Synth(\redFSKencode, [\minFreq, lo, \maxFreq, hi, \data, data, \out, 0, \invBaudrate, 1/baudrate]); //monitor

This FSK technique was used in many projects to control leds. e.g. most of the 3rd gen projects listed here are running SuperCollider on an iPod Touch with the 6 channels led brightness data being sent via FSK on one of the audio output channels.


clean-up: #53

Below some code for reading and parsing data from the Android app AndroSensor.
With this free app you can record a lot of different sensors in your Android phone (like GPS, accelerometer, mic, battery, light etc etc) and save it to a comma separated file (CSV). Later one can copy over the data file from the Android phone to a computer and read it in SuperCollider. the CSV files are normally stored on the SD card in a folder called AndroSensor.

By default the app only save and display data at slow update rates, so go into the AndroSensor's settings and change update interval to very fast and recording interval to for example 0.05 seconds (the fastest).


//--read the data - edit the path to your csv file
var path= "~/Desktop/Sensor_record_20141018_115750_AndroSensor.csv"; //edit here
var data=, delimiter:$;, startRow:1);
var data2= data.flop;
var dict= ();{|x|
        var key= x[0];
        var val= x.copyRange(1, x.size-1);
        while({ or:{key.last==$:}}, {
                key= key.copyRange(0, key.size-2);
        if(val[0].any{|x| #[$:, $/].includes(x)}.not, {
                val= val.asFloat; //make single numbers into floats
                //}, { //else do nothing - keep date and satellites as strings
        dict.put(key.asSymbol, val);
~dict= dict; //handle

//--list all stored keys...{|x| x.postln}

//--access data stored at keys...
~dict['ACCELEROMETER X (m/s²)']
~dict['ACCELEROMETER Y (m/s²)']
~dict['ACCELEROMETER Z (m/s²)']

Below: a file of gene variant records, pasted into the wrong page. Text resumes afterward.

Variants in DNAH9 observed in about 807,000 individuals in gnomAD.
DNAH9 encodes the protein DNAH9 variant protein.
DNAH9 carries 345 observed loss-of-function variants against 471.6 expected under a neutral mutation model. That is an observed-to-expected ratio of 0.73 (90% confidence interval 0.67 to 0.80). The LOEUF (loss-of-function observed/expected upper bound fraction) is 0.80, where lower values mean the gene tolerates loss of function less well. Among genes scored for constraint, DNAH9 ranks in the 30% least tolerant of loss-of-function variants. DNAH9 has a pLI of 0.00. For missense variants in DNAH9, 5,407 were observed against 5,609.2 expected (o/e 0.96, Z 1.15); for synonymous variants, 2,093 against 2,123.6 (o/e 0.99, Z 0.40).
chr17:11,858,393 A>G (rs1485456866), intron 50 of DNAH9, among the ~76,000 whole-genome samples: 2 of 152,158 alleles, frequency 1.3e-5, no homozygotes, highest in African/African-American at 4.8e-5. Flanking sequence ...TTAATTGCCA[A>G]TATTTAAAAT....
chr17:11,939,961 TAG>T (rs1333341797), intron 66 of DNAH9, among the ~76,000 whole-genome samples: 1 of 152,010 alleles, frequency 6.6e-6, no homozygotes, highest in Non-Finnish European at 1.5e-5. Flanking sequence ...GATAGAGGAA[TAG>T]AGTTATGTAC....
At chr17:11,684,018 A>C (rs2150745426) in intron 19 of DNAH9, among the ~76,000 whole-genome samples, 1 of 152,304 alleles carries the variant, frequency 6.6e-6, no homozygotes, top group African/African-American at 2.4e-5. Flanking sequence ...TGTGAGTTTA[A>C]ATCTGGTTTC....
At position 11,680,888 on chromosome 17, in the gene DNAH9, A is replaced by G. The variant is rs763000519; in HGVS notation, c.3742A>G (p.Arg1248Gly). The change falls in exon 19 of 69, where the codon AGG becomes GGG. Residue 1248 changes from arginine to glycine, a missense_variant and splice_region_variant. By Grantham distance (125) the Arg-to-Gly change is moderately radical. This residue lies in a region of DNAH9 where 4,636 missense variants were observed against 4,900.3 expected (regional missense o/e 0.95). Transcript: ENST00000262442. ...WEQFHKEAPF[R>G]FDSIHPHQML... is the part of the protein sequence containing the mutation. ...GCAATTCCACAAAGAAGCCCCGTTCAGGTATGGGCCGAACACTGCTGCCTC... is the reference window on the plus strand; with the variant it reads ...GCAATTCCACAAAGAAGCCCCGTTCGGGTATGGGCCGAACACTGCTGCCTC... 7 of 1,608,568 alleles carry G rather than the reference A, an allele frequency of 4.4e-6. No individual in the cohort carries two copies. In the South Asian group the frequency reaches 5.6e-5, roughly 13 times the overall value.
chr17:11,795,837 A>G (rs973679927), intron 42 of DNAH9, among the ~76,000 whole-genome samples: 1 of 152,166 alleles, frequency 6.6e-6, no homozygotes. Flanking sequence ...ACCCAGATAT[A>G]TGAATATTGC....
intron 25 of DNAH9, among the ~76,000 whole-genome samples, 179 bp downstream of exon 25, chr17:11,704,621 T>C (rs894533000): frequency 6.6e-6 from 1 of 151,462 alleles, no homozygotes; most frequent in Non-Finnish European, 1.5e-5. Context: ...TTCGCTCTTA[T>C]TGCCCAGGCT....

~dict['GRAVITY X (m/s²)']
~dict['GRAVITY Y (m/s²)']
~dict['GRAVITY Z (m/s²)']
~dict['GYROSCOPE X (rad/s)']
~dict['GYROSCOPE Y (rad/s)']
~dict['GYROSCOPE Z (rad/s)']
~dict['LIGHT (lux)']
~dict['MAGNETIC FIELD X (μT)']
~dict['MAGNETIC FIELD Y (μT)']
~dict['MAGNETIC FIELD Z (μT)']
~dict['ORIENTATION X (°)']
~dict['ORIENTATION Y (°)']
~dict['ORIENTATION Z (°)']
~dict['PROXIMITY (i)']
~dict['SOUND LEVEL (dB)']
~dict['LOCATION Latitude']
~dict['LOCATION Longitude']
~dict['LOCATION Altitude ( m)']
~dict['LOCATION Speed ( Kmh)']
~dict['LOCATION Accuracy ( m)']
~dict['Satellites in range'] //note as strings
~dict['Temperature (F)']
~dict['Level (%)']
~dict['Voltage (Volt)']
~dict['Time since start in ms'] //timestamps in milliseconds
~dict['YYYY-MO-DD HH-MI-SS_SSS'] //absolute timestamps - note as strings

//--plot the xyz accelerometer data...
        ~dict['ACCELEROMETER X (m/s²)'],
        ~dict['ACCELEROMETER Y (m/s²)'],
        ~dict['ACCELEROMETER Z (m/s²)']

//--plot the xyz orientation data...
        ~dict['ORIENTATION X (°)'],
        ~dict['ORIENTATION Y (°)'],
        ~dict['ORIENTATION Z (°)']

//--plot a lot of data (but not all)...
        'ACCELEROMETER X (m/s²)',
        'ACCELEROMETER Y (m/s²)',
        'ACCELEROMETER Z (m/s²)',
        'GRAVITY X (m/s²)',
        'GRAVITY Y (m/s²)',
        'GRAVITY Z (m/s²)',
        'GYROSCOPE X (rad/s)',
        'GYROSCOPE Y (rad/s)',
        'GYROSCOPE Z (rad/s)',
        'LIGHT (lux)',
        'MAGNETIC FIELD X (μT)',
        'MAGNETIC FIELD Y (μT)',
        'MAGNETIC FIELD Z (μT)',
        'ORIENTATION X (°)',
        'ORIENTATION Y (°)',
        'ORIENTATION Z (°)',
        'SOUND LEVEL (dB)'
].collect{|x| ~dict[x]}.plot;

//--sound example mapping accelerometer to simple sound
        var a= {|freq= 500, amp= 0, pan= 0|, 0.2, amp.lag(0.25)), pan.lag(0.25))}.play;
                var prevTime= 0;
                ~dict['Time since start in ms'].do{|x, i|
                                \freq, ~dict['ACCELEROMETER Y (m/s²)'][i].linexp(-20, 20, 100, 1000),
                                \amp, ~dict['ACCELEROMETER Z (m/s²)'][i].linlin(-20, 20, 0, 1),
                                \pan, ~dict['ACCELEROMETER X (m/s²)'][i].linlin(-20, 20, -1, 1)
                        prevTime= x;

Attached is a demo CSV file of me first keeping the phone still, and then shaking it a bit + turning it around. The data recording is only about eight seconds long.

If you plot for example the 3D accelerometer data it will look like this...